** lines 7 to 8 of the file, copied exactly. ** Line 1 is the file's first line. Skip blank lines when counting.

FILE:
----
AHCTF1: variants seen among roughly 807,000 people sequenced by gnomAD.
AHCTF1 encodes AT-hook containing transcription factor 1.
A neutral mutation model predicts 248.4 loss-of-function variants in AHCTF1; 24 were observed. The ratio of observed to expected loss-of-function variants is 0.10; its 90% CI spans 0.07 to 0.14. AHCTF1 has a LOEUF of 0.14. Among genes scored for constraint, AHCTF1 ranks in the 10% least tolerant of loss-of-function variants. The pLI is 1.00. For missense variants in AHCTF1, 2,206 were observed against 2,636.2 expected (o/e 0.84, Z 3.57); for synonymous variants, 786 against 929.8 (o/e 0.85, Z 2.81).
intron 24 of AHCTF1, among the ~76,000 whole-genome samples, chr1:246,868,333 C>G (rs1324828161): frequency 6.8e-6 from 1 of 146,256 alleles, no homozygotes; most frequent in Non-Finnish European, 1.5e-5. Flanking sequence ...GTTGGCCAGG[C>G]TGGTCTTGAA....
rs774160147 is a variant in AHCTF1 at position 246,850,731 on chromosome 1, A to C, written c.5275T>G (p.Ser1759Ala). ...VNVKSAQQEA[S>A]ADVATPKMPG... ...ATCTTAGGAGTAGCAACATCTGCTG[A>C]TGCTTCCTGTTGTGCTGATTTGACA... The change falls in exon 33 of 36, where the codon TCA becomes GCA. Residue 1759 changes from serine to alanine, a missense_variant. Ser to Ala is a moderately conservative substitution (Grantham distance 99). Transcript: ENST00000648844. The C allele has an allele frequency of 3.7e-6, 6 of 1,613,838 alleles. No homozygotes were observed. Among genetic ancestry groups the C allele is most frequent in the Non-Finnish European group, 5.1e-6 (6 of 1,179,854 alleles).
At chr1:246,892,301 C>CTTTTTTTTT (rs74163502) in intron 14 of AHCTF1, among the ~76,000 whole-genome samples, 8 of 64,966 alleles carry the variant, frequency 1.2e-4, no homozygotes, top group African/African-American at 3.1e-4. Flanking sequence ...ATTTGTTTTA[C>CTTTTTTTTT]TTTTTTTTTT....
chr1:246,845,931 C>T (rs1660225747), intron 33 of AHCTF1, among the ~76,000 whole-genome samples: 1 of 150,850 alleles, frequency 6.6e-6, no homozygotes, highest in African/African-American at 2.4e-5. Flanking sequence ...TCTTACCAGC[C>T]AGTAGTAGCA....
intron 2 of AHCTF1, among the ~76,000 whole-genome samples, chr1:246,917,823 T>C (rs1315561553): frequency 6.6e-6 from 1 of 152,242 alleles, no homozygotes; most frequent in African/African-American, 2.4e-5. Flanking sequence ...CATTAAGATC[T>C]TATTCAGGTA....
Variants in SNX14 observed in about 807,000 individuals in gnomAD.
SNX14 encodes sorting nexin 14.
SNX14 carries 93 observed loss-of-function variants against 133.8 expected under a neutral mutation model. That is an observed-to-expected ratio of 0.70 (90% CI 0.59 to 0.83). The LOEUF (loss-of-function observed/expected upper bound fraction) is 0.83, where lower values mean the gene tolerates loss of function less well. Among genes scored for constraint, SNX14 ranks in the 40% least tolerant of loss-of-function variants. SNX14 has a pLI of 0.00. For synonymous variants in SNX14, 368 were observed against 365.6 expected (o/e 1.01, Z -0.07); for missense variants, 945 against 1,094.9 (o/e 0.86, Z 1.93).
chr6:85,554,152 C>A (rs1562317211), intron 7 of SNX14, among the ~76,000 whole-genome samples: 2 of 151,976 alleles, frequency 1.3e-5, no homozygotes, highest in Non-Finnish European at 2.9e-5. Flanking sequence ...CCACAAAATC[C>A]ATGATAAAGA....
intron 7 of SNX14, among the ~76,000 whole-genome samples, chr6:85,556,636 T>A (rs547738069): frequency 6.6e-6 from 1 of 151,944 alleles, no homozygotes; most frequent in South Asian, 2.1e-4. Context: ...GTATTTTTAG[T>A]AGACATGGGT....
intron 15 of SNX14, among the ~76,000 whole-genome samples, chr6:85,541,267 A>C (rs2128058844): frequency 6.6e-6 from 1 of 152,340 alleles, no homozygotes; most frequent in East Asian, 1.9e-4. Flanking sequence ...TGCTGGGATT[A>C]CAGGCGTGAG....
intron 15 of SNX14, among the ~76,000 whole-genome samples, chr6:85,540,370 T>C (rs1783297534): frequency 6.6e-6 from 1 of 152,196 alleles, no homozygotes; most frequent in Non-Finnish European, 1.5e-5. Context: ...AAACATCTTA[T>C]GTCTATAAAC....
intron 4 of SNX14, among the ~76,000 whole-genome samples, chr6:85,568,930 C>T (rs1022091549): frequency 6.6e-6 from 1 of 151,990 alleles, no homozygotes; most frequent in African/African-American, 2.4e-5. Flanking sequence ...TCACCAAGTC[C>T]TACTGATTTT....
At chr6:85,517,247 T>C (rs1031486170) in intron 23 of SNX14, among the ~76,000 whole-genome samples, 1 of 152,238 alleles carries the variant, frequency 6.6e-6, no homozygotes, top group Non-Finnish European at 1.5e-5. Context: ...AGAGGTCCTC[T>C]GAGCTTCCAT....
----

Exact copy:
chr1:246,845,931 C>T (rs1660225747), intron 33 of AHCTF1, among the ~76,000 whole-genome samples: 1 of 150,850 alleles, frequency 6.6e-6, no homozygotes, highest in African/African-American at 2.4e-5. Flanking sequence ...TCTTACCAGC[C>T]AGTAGTAGCA....
intron 2 of AHCTF1, among the ~76,000 whole-genome samples, chr1:246,917,823 T>C (rs1315561553): frequency 6.6e-6 from 1 of 152,242 alleles, no homozygotes; most frequent in African/African-American, 2.4e-5. Flanking sequence ...CATTAAGATC[T>C]TATTCAGGTA....